The sixteenth anniversary of TANF hit this week, and the Republican presidential candidate spent his time lying about the president’s position on it. The president, Mitt Romney insists, stripped the work requirements out of the temporary assistance program that replaced welfare for poor families under Bill Clinton in 1996.
Although every fact-check has shown he’s wrong, Romney and the Romney-phile propaganda groups keep pounding away at their message with ads like this one:
Unidentified male: “Under Obama’s plan you wouldn’t have to work and you wouldn’t have to train for a job. They just send you your welfare check.”
The president’s responded in typically Obaman fashion. Without wading into the welfare fray, he’s wagged his finger at Romney’s facts: “You just can’t make stuff up….” The Democrat is beating the drum for “more popular” government programs, like those for seniors and students and closing his rallies with Bruce Springsteen’s paean to solidarity, “We Take Care of Our Own.”
Good as it is, a bit of the Boss won’t clear things up. As even NPR pointed out this week, the Romney campaign is dredging up the welfare debate because as a piece of political hot button–pushing, it works like magic.
NPR’s Ari Shapiro spoke to Peggy Testa  and her husband at a Paul Ryan rally outside Pittsburgh:
PEGGY TESTA: You know, we think that the fact that the work requirement has been taken out of welfare is the wrong thing to do.
SHAPIRO: I told her that’s not actually what happened.
TESTA: You know. I, at this point, don’t know exactly what is true and what isn’t, OK? But what I do know is I trust the Romney-Ryan ticket and I do not trust Obama.
At issue here is “trust” and that little matter of “we.” As far as half the country’s concerned, those whom government takes care of aren’t “our own.” They’re certainly not “we.” Mitt Romney knows that by uttering that one word “welfare” the phantom “welfare queen,” is summoned onto his campaign team, along with Newt Gingrich’s famous “food stamp President.” With that one word “welfare”—hey presto—the Republicans are talking race, as in “not us.”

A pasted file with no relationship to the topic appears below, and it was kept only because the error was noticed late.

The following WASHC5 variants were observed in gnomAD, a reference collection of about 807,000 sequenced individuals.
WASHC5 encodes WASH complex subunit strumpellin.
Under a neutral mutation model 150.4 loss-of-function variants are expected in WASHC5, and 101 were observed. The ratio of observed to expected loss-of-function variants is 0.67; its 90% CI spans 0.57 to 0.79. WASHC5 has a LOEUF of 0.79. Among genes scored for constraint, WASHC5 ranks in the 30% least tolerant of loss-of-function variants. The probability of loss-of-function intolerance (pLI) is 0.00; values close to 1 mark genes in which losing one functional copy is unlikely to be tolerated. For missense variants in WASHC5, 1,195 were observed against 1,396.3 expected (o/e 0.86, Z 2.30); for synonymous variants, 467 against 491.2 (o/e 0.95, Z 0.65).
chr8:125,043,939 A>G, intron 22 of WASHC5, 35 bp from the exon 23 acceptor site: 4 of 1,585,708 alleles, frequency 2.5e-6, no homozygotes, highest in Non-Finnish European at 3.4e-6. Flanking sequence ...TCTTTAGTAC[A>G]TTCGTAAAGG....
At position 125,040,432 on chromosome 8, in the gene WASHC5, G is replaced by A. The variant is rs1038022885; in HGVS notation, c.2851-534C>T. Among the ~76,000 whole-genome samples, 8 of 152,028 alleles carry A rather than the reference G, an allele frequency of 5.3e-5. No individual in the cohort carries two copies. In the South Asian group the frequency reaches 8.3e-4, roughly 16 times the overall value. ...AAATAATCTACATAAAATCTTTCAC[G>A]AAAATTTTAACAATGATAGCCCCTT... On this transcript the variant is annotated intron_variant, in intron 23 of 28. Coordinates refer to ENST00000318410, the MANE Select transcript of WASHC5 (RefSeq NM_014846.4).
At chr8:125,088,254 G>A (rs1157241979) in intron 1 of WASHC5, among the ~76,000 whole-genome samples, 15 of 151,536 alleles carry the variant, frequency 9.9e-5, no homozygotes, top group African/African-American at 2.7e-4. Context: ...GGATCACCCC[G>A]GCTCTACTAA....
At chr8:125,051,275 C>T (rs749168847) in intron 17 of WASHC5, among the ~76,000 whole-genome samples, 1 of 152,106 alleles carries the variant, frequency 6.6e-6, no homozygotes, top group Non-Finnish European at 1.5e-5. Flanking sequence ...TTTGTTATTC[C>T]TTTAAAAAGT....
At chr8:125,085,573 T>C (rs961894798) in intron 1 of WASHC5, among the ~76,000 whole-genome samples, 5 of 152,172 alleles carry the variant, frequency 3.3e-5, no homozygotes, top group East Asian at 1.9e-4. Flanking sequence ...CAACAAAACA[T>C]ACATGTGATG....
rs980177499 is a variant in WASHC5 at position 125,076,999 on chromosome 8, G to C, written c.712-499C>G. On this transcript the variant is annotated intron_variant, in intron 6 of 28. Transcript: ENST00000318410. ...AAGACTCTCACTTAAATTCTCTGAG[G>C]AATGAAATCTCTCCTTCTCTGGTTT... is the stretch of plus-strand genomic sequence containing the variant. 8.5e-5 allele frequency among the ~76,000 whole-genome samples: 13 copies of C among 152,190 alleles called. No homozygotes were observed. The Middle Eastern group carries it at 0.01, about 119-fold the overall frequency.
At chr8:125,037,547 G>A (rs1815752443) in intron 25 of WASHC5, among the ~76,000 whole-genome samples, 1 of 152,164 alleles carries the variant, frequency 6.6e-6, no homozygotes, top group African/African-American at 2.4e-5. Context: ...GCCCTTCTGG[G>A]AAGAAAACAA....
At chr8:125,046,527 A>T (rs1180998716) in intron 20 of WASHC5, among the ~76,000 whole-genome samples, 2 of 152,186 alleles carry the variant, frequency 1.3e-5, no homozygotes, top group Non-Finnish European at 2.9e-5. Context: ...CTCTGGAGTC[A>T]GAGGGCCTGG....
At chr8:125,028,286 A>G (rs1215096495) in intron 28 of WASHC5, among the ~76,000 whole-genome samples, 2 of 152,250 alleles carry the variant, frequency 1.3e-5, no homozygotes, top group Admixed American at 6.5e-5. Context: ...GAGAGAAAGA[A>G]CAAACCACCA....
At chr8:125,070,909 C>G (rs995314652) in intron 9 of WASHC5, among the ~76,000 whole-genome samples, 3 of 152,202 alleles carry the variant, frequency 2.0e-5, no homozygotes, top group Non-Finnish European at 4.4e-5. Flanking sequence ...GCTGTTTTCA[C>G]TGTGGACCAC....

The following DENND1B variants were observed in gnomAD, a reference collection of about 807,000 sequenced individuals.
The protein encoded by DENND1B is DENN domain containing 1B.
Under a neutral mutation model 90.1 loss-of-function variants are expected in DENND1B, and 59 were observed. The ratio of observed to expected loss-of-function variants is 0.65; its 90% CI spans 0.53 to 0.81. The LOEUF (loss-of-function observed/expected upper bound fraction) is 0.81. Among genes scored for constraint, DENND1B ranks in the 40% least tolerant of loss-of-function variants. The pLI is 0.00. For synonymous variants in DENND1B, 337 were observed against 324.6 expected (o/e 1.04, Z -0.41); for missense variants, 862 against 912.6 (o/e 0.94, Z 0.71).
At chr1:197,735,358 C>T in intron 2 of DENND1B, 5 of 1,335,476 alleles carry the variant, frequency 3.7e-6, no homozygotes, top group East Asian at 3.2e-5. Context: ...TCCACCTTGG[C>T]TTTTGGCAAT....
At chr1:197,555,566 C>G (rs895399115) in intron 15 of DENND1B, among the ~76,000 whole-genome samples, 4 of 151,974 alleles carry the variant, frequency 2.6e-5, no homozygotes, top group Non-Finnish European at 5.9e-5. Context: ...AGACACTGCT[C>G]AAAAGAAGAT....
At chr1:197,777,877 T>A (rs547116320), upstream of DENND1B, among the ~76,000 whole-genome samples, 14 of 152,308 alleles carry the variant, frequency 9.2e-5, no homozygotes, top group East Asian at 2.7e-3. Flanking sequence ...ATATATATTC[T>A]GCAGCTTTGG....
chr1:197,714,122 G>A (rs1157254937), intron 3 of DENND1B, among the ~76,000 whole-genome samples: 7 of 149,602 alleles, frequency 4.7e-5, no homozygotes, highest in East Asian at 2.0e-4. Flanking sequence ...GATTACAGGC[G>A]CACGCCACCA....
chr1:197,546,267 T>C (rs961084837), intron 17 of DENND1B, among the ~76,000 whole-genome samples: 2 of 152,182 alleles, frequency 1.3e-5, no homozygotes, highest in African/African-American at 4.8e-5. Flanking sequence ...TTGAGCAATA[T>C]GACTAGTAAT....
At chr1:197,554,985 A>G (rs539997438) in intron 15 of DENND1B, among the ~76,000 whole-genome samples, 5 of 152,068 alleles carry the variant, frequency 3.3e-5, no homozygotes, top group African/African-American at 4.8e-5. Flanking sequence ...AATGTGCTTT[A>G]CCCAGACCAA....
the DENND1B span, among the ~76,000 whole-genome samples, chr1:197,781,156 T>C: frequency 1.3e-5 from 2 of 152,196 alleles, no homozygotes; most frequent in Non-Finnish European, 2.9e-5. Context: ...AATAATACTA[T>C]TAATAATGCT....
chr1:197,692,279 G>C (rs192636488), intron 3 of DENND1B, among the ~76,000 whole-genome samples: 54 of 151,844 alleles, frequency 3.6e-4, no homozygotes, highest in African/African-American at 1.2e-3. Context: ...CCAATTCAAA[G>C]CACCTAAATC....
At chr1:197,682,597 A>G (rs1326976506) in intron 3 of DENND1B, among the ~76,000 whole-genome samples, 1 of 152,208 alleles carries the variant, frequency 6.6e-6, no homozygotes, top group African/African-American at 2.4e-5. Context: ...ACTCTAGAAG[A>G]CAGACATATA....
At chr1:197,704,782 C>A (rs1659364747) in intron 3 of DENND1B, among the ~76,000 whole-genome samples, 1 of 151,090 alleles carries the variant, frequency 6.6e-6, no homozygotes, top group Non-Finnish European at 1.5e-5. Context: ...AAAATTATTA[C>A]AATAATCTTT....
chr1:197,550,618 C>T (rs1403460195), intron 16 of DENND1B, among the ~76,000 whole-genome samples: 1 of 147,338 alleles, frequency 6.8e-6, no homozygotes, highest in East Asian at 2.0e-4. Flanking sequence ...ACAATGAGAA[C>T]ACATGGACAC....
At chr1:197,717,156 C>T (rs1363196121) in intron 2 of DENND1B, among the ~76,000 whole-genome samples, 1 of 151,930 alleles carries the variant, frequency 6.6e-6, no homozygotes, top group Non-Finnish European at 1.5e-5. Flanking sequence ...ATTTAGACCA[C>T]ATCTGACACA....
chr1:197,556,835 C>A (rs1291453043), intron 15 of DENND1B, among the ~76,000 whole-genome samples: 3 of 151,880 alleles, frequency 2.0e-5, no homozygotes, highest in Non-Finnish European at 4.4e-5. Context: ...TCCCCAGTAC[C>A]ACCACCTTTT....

Racial justice activist Scot Nakagawa who has started the excellent RaceFiles , talked about the “we” factor in this conversation, recorded earlier this summer in New York.
“We need to deal with the fact that white people view white privilege as having a real cash value,” said Nakagawa. “By having that privilege eroded your economic status will be instantly eroded.”
There’s a complicated history here. “Vilifying people of color had the intention of causing African-Americans and native Americans to be viewed as less than human by white people,” says Nakagawa:
“But it had the opposite effect. It dehumanized white people in the sense that their understanding of what it means to be human is limited by race. It’s very difficult to see what are human needs, when they are defined in terms of race. We have much more in common than people would like to imagine but we continually limit ourselves when it comes to understanding how we are to serve our society and to see how the various needs of different people in our society are connected.”
So, our reluctance to fund human needs is wrapped up in a fear that the funding will go to other sorts of humans? I asked.
Yes… The justification for limiting AFDC [welfare] and turning it into TANF was that black people were on the dole and having babies, stealing from our economy.… White people accepted the notion and moved on it. And who are the most of the people on welfare? White people.”
Barack Obama can fact-check all he likes, but it won’t make this go away. Romney only looks like a stiff; his campaign’s as happy in the gutter as Gingrich ever was. The GOP is betting that race-baiting will beat the Boss, and history suggests they’re right. American attitudes are shifting, day by day, but majority/minority demographics aren’t destiny—not yet. Talk about it Mr. President: in America, what does “we” mean? And what’s the price we pay for hearing “we” and thinking “them vs. us”?